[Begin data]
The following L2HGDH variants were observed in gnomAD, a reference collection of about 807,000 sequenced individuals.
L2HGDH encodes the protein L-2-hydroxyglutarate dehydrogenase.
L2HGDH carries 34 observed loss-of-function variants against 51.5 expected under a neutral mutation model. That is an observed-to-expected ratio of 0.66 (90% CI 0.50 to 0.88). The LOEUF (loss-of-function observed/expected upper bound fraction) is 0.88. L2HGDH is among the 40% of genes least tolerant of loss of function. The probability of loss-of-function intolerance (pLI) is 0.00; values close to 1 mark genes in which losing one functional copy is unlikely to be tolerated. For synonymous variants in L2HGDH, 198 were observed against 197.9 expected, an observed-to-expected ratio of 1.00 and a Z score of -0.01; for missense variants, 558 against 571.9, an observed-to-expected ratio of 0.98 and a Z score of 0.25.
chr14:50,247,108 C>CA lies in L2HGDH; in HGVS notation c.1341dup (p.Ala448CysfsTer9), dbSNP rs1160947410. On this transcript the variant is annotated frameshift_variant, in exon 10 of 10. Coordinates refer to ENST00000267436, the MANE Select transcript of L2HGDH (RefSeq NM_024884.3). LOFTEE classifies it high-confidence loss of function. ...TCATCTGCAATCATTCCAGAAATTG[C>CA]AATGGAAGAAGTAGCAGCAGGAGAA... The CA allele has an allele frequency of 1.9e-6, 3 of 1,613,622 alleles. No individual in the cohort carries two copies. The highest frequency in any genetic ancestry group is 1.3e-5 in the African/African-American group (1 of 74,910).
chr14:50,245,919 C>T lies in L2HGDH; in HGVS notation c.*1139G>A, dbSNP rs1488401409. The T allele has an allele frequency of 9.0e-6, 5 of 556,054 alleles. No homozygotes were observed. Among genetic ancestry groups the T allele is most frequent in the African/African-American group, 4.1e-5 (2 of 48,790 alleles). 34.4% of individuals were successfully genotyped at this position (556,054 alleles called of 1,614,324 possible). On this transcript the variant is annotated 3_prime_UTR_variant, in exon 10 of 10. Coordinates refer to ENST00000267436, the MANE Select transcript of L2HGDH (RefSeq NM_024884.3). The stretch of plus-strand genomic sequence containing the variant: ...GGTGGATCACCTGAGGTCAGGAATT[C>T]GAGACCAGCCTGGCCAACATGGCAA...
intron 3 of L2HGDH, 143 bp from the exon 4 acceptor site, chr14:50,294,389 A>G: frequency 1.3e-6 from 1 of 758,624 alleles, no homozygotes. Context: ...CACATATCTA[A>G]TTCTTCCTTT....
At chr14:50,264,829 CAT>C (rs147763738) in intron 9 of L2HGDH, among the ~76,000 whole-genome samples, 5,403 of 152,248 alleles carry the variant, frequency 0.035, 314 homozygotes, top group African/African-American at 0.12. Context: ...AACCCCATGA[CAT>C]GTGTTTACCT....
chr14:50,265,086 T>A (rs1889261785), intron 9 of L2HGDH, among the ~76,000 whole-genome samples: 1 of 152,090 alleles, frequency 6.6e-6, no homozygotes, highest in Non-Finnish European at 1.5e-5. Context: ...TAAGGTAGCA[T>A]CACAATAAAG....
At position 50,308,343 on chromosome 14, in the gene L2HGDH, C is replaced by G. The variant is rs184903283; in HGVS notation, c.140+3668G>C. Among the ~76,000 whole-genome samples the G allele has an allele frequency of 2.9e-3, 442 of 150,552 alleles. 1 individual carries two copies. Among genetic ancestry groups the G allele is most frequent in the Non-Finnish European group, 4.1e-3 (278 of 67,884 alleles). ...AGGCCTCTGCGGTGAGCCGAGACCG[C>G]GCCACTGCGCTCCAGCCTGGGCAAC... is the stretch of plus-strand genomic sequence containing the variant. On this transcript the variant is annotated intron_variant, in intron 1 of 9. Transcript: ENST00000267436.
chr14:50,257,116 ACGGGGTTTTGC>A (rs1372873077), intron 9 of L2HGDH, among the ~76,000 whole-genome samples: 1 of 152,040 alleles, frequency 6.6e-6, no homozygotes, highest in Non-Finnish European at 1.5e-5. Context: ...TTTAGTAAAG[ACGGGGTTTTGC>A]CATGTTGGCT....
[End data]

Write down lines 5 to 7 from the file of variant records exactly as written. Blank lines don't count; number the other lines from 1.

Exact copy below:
chr14:50,245,919 C>T lies in L2HGDH; in HGVS notation c.*1139G>A, dbSNP rs1488401409. The T allele has an allele frequency of 9.0e-6, 5 of 556,054 alleles. No homozygotes were observed. Among genetic ancestry groups the T allele is most frequent in the African/African-American group, 4.1e-5 (2 of 48,790 alleles). 34.4% of individuals were successfully genotyped at this position (556,054 alleles called of 1,614,324 possible). On this transcript the variant is annotated 3_prime_UTR_variant, in exon 10 of 10. Coordinates refer to ENST00000267436, the MANE Select transcript of L2HGDH (RefSeq NM_024884.3). The stretch of plus-strand genomic sequence containing the variant: ...GGTGGATCACCTGAGGTCAGGAATT[C>T]GAGACCAGCCTGGCCAACATGGCAA...
intron 3 of L2HGDH, 143 bp from the exon 4 acceptor site, chr14:50,294,389 A>G: frequency 1.3e-6 from 1 of 758,624 alleles, no homozygotes. Context: ...CACATATCTA[A>G]TTCTTCCTTT....
At chr14:50,264,829 CAT>C (rs147763738) in intron 9 of L2HGDH, among the ~76,000 whole-genome samples, 5,403 of 152,248 alleles carry the variant, frequency 0.035, 314 homozygotes, top group African/African-American at 0.12. Context: ...AACCCCATGA[CAT>C]GTGTTTACCT....